What I learned from Sharon: Make your seat at the table count
It made me remember how when Sharon and I would talk, she’d ask, “So, what is it that you actually want?” She taught me that a seat at the table is only valuable when one can clearly articulate desires or expectations. In advance of her memorial scheduled for August 21 (1 p.m. at the Pavilion of the Two Sisters in City Park), I offer this opportunity to honor someone whose life was dedicated to the cultural life of New Orleans.
In the “new” New Orleans, what do we want?
Answering this isn’t just to honor Sharon. It is also about honoring anyone in your history who wanted the best for our city and anyone who taught you what’s worth the fight.
This isn’t an exercise. Right now, we have a seat at the table and there are many ways to voice what you want.
If you have ideas about zoning changes that might protect or promote our music and culture, you should know that the City Planning Commission has extended the deadline for “Master Plan” amendments until August 31, 2016. Maybe you want community centers with cultural programming for our youth. Or let’s give venues perpetual permits if they have a significant history of live music. If you need inspiration, Austin’s culture-centric Master Plan has broad recommendations as well as approaches to helping their creative workforce.
If you’re the type that is skilled at helping others express their desires, MaCCNO has extended their job search for a community engagement professional until mid-August to ensure that they find someone savvy who not only embraces but also understands the New Orleans cultural scene, as diverse as it is, and shares common issues and aspirations. They are willing to take the time to find someone who will also encourage our culture-bearers to stand up for themselves.
Then, there’s the controversial issue of short-term rentals on the City Planning Commission’s agenda next Tuesday, August 9. In New Orleans, like cities all over the world, the proliferation of short-term rentals is degrading neighborhood character, exacerbating shortages of affordable housing and compromising community identity.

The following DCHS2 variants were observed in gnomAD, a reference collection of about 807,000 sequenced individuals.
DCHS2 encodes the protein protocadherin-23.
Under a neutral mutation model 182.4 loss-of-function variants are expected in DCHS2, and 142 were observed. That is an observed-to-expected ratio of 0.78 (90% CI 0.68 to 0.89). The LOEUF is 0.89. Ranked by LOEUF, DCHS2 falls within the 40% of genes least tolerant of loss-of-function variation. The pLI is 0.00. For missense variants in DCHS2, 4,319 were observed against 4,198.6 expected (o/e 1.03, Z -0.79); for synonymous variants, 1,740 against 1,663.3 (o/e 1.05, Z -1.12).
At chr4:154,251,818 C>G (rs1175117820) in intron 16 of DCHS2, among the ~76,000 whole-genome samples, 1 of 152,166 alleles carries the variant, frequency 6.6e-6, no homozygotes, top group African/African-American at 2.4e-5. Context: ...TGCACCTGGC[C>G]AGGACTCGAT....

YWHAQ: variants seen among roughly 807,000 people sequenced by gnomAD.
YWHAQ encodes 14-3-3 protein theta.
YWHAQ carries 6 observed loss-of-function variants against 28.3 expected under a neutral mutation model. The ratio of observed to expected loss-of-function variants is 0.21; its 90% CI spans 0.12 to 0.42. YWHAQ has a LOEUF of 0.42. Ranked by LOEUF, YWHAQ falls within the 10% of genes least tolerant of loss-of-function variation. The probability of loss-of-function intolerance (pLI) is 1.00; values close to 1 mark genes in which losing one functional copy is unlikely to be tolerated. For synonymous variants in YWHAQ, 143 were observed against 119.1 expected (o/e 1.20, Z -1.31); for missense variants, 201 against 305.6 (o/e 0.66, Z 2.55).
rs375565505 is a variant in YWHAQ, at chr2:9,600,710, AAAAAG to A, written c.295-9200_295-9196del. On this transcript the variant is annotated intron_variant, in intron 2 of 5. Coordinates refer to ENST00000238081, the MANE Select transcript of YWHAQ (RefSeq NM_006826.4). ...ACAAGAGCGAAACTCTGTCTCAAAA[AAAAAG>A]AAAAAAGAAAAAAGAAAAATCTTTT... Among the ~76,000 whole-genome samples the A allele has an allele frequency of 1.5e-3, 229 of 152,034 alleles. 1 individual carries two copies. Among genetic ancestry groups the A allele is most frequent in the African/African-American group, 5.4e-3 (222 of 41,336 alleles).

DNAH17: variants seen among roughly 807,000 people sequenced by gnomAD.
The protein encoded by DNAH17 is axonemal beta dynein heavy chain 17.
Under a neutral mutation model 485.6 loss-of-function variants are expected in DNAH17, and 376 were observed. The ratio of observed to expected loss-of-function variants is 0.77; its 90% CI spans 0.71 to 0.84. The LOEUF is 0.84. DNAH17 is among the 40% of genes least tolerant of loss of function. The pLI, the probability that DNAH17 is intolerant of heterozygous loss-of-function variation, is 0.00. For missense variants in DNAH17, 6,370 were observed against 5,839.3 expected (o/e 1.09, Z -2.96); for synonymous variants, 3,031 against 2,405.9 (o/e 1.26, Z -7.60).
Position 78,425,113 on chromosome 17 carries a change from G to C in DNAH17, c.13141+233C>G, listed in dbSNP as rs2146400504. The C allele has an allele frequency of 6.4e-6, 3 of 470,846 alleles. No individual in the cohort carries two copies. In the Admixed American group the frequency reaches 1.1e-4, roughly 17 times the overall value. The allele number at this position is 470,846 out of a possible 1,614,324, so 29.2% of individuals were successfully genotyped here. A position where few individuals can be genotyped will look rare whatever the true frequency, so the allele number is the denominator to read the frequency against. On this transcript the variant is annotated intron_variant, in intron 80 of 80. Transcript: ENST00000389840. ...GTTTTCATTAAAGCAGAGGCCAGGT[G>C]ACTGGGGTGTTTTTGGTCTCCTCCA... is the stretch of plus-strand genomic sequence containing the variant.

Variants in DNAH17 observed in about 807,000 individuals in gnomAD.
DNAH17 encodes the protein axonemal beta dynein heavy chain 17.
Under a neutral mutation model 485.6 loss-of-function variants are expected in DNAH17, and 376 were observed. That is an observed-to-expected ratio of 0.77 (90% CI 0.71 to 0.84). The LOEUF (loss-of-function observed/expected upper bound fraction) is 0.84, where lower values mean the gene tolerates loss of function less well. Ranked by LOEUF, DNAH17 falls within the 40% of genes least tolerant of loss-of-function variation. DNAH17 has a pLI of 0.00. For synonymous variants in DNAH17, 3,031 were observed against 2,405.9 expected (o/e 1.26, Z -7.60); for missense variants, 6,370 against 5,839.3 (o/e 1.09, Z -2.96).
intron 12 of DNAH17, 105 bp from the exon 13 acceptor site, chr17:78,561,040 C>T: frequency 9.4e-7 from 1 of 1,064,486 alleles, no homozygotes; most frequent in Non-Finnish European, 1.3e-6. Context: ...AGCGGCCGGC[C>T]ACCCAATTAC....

Urban planner Jeffrey Goodman’s has surveyed our scene well , Greater New Orleans Housing Alliance released a statement and MaCCNO is speaking out too. Executive Director of MaCCNO, Ethan Ellestad explains, "A core part of MaCCNO's mission is to collect feedback, input and guidance from the cultural community. Lately, we've heard a lot about short-term rentals, but over the past several years it has become clear that the immediate need for affordable housing is far and away the most pressing issue facing musicians, artists, and culture bearers.”
Do you know a culture-bearer who has been displaced because of what Deborah “Big Red” Cotton, calls “the corrosive element of opportunism?” Their story needs to be heard. By the way, if you don’t know Deborah, trust me, you won’t find a more dedicated advocate for our second-line traditions.
Despite being among the victims in the 2013 Mother’s Day shooting, Deborah told me how privileged she has felt to be able to help chronicle, promote and advance our cultural expressions, such as funerals with music and second-lines. However, having been displaced from the 6th Ward by an absentee landlord who flipped her apartment into an AirBnB rental, she feels that she doesn’t have the same access and isn’t as connected.
As these accounts become more common, the erosion of community spirit in our neighborhoods may make it more difficult for all of us to stay connected to the rituals that make our city so special. Complaining on social media or from a barstool isn’t the answer. The only way to keep cultural erosion from happening is by getting involved and telling our leadership what we want.
Evan Christopher is a noted member of the New Orleans music community and advocates for the cultural workforce. Click here for his performance schedule. He writes MAC-Notes for NolaVie. Email him with your comments about cultural issues, particularly in the music world, at [email protected]